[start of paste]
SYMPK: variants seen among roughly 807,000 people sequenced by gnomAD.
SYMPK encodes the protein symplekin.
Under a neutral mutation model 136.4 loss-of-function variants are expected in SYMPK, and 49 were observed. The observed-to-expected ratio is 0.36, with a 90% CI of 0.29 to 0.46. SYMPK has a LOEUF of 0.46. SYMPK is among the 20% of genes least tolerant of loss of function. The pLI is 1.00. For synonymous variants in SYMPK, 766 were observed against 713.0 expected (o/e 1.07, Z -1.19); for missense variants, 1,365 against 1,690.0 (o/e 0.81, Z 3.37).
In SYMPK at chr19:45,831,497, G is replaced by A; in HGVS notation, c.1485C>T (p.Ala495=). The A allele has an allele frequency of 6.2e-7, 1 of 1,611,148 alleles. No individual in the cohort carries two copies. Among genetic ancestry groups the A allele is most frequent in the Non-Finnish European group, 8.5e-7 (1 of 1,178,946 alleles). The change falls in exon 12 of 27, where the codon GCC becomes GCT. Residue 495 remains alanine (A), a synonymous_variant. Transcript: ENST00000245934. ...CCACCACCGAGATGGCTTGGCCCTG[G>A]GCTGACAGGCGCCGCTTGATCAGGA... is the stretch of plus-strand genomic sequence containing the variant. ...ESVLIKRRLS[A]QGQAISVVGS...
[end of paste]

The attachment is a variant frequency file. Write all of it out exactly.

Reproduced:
SYMPK: variants seen among roughly 807,000 people sequenced by gnomAD.
SYMPK encodes the protein symplekin.
Under a neutral mutation model 136.4 loss-of-function variants are expected in SYMPK, and 49 were observed. The observed-to-expected ratio is 0.36, with a 90% CI of 0.29 to 0.46. SYMPK has a LOEUF of 0.46. SYMPK is among the 20% of genes least tolerant of loss of function. The pLI is 1.00. For synonymous variants in SYMPK, 766 were observed against 713.0 expected (o/e 1.07, Z -1.19); for missense variants, 1,365 against 1,690.0 (o/e 0.81, Z 3.37).
In SYMPK at chr19:45,831,497, G is replaced by A; in HGVS notation, c.1485C>T (p.Ala495=). The A allele has an allele frequency of 6.2e-7, 1 of 1,611,148 alleles. No individual in the cohort carries two copies. Among genetic ancestry groups the A allele is most frequent in the Non-Finnish European group, 8.5e-7 (1 of 1,178,946 alleles). The change falls in exon 12 of 27, where the codon GCC becomes GCT. Residue 495 remains alanine (A), a synonymous_variant. Transcript: ENST00000245934. ...CCACCACCGAGATGGCTTGGCCCTG[G>A]GCTGACAGGCGCCGCTTGATCAGGA... is the stretch of plus-strand genomic sequence containing the variant. ...ESVLIKRRLS[A]QGQAISVVGS...